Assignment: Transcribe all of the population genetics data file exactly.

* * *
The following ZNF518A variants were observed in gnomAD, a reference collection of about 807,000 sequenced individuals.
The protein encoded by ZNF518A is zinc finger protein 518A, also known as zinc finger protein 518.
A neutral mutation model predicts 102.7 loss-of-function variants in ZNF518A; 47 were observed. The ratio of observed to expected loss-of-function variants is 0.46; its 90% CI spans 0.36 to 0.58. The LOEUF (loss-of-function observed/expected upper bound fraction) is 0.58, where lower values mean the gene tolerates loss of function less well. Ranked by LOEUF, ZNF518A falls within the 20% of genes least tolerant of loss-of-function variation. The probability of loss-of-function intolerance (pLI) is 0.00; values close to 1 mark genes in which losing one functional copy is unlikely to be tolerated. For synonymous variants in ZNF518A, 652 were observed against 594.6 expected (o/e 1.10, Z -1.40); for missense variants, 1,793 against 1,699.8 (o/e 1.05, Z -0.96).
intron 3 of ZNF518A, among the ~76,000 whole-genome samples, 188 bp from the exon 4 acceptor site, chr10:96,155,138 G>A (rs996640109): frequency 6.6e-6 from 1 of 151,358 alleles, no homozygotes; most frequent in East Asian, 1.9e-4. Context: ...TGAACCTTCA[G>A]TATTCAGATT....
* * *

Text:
The following ZNF518A variants were observed in gnomAD, a reference collection of about 807,000 sequenced individuals.
The protein encoded by ZNF518A is zinc finger protein 518A, also known as zinc finger protein 518.
A neutral mutation model predicts 102.7 loss-of-function variants in ZNF518A; 47 were observed. The ratio of observed to expected loss-of-function variants is 0.46; its 90% CI spans 0.36 to 0.58. The LOEUF (loss-of-function observed/expected upper bound fraction) is 0.58, where lower values mean the gene tolerates loss of function less well. Ranked by LOEUF, ZNF518A falls within the 20% of genes least tolerant of loss-of-function variation. The probability of loss-of-function intolerance (pLI) is 0.00; values close to 1 mark genes in which losing one functional copy is unlikely to be tolerated. For synonymous variants in ZNF518A, 652 were observed against 594.6 expected (o/e 1.10, Z -1.40); for missense variants, 1,793 against 1,699.8 (o/e 1.05, Z -0.96).
intron 3 of ZNF518A, among the ~76,000 whole-genome samples, 188 bp from the exon 4 acceptor site, chr10:96,155,138 G>A (rs996640109): frequency 6.6e-6 from 1 of 151,358 alleles, no homozygotes; most frequent in East Asian, 1.9e-4. Context: ...TGAACCTTCA[G>A]TATTCAGATT....